Racism at Exeter – It’s Time to Talk

Ellie Clifford


By now, you’ve probably seen the latest in what feels like a never-ending cycle of stories exposing racism at Britain’s universities. A few weeks ago it was “we hate blacks” chanted outside of a Nottingham Trent University student’s room, before that Loughborough students apologised for holding “slave auction” events during Freshers’ week. Now, the attention has fallen on Exeter. With a series of screenshots posted to twitter, a law student has exposed a WhatsApp group chat of the Bracton Law Society.

There’s two dozen screenshots and they are all impossibly damning. I won’t quote them – if you want to see they aren’t hard to find, they are truly horrific. Since the screenshots were shared on Twitter there have been responses from Exeter University,  the Students’ Guild, Bracton Law itself, and Hill Dickinson LLP, the law firm with which one of the most vocal group chat members held an offer of future employment, which has since been withdrawn.

The responses universally condemn the words spoken in the group chat. They are clear on distancing themselves from racism, sexism, or any kind of discrimination and yesterday all Exeter students received an email from Mike Shore-Nye and Professor Janice Kay encouraging all students to speak up against discrimination with a #NeverOK movement. But, honestly, that’s to be expected. For me, it’s the bare minimum. I’d wager that in 2018, no university (Exeter or otherwise) is going to shout that they’re wilfully letting bigotry slip under their radars, onto their courses and into their student halls. I want to know what is being done to address the culture of discrimination and unfairness that is clearly so prevalent at universities across the country. After an event like this there is always conversation about what can and should be done to report discrimination when we see it. But what is being done to bring down the culture of racism, sexism, and harassment that cultivates these situations? Where are the preventative conversations and actions to stop things like this happening in the first place?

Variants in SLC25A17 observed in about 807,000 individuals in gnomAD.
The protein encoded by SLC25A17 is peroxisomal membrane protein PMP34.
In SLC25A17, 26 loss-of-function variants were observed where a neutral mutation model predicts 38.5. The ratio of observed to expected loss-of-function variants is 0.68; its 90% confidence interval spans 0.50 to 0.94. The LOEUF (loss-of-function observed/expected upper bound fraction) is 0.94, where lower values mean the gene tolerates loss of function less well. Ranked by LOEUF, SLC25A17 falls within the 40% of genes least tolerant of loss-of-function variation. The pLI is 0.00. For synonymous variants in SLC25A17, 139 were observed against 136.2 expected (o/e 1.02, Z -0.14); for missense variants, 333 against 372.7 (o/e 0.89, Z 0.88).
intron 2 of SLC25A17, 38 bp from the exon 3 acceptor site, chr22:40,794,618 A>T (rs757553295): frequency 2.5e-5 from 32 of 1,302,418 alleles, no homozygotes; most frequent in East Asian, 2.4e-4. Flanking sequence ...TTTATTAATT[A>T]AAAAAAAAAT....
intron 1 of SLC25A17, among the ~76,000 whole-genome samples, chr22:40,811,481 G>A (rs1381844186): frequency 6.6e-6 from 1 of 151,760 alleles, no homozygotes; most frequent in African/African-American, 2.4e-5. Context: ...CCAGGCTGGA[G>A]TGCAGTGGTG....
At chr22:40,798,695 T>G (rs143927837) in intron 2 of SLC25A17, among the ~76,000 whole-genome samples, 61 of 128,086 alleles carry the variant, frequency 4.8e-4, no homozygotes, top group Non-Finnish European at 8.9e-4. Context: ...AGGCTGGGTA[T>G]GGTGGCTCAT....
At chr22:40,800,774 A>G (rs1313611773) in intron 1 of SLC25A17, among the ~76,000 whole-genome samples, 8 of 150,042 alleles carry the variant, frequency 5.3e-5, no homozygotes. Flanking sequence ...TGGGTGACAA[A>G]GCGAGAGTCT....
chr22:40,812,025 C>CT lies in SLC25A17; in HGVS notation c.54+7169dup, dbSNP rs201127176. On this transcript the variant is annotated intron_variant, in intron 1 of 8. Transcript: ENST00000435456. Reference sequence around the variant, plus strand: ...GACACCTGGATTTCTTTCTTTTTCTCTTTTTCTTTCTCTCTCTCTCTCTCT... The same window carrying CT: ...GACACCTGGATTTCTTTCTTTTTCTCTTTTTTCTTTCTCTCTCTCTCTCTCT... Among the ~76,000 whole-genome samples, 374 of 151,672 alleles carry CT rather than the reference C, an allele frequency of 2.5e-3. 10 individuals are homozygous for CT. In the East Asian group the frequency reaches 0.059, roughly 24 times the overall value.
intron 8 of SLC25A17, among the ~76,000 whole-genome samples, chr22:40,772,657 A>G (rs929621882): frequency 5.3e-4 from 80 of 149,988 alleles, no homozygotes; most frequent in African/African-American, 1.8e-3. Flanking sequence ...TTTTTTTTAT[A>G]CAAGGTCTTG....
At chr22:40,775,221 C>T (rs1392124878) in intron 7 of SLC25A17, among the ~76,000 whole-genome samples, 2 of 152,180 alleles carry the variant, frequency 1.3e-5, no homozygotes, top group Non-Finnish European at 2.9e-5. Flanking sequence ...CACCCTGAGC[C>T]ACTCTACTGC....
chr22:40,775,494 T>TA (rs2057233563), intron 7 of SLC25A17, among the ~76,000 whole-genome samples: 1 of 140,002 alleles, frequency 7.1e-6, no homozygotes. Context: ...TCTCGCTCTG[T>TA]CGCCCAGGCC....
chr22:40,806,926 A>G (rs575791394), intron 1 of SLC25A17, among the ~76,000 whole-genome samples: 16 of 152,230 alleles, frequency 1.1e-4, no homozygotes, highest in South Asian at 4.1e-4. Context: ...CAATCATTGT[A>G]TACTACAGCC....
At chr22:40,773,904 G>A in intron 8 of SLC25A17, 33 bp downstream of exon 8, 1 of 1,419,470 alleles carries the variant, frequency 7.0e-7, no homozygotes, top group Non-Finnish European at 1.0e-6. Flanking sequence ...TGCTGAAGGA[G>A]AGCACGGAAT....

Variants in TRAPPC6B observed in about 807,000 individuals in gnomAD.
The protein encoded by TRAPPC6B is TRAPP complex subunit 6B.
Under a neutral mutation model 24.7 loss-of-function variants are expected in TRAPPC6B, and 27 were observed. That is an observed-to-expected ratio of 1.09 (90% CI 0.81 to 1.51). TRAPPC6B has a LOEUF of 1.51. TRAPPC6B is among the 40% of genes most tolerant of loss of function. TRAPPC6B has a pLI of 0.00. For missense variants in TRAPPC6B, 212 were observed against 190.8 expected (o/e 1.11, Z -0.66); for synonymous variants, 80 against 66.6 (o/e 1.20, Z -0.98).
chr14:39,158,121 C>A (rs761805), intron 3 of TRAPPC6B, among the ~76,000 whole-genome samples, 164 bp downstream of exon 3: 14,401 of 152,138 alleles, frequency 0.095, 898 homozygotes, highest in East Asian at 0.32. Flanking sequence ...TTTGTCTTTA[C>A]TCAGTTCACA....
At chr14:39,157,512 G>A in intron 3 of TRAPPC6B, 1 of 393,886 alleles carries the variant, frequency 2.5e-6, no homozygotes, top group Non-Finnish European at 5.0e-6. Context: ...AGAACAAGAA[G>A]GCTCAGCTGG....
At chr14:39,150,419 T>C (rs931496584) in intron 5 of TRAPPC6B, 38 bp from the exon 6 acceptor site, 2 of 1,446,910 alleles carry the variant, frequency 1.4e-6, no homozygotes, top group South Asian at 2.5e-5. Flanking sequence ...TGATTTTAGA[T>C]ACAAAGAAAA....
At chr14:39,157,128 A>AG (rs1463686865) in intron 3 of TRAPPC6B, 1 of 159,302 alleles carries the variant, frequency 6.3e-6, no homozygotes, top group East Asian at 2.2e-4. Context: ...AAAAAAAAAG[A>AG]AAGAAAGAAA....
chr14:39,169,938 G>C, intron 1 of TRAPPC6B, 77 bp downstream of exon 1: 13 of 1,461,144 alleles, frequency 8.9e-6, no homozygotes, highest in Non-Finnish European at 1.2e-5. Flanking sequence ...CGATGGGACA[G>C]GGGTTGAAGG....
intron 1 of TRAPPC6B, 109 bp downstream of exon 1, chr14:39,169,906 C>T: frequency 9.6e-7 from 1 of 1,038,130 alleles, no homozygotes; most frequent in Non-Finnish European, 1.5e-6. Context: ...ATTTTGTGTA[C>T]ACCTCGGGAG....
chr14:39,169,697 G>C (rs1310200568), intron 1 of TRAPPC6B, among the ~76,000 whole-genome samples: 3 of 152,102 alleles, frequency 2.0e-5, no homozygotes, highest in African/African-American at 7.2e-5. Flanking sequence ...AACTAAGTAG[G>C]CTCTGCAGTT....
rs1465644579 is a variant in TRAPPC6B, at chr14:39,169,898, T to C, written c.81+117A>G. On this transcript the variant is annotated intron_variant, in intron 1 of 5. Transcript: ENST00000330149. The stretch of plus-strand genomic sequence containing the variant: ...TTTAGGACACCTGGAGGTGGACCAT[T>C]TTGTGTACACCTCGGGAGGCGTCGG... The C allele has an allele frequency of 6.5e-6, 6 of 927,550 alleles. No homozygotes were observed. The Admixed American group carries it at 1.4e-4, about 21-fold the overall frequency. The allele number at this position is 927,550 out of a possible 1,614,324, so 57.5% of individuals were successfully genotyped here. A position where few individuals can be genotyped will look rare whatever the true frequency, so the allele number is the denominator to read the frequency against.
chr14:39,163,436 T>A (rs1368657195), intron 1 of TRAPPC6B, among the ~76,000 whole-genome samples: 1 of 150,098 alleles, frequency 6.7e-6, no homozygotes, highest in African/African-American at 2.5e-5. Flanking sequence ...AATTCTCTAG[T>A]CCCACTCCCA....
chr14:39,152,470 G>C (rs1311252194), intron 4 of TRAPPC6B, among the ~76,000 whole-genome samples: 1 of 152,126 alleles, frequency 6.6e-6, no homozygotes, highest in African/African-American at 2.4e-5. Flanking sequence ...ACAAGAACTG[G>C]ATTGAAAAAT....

Russel Group Universities in particular need to address this. With reputations of being the university of the posh and the privileged (just look at The Tab’s Exeter stereotype), universities like Exeter must do better at distancing themselves from the kind of people in the Bracton Law Society group chat, and make the university more accessible and inclusive for all. After all, elements of truth can sometimes be found in stereotypes (as painful as that is to say for an Essex girl – I have to face the truth). So, if Exeter’s stereotype is the posh people from Surrey -who (at the extremes) feel they can openly say what they did in a Guild-associated society group chat – then we need to work to change that.

I’m proud to be an Exeter student. I worked hard to get here, I enjoy my course and I have brilliant course mates and lecturers. What I’m not proud of is the culture of discrimination and bigotry that I don’t feel the university is doing enough to distance itself from. As the #TimesUp and #MeToo movements calling out sexual harassment in Hollywood continue to spark conversation about where the line is and what behaviour we’re willing and unwilling to tolerate, there is no better time to take a strong stance and tell the members of the Bracton Law Society group chat, and any others like them, that they are the ones that are not welcome.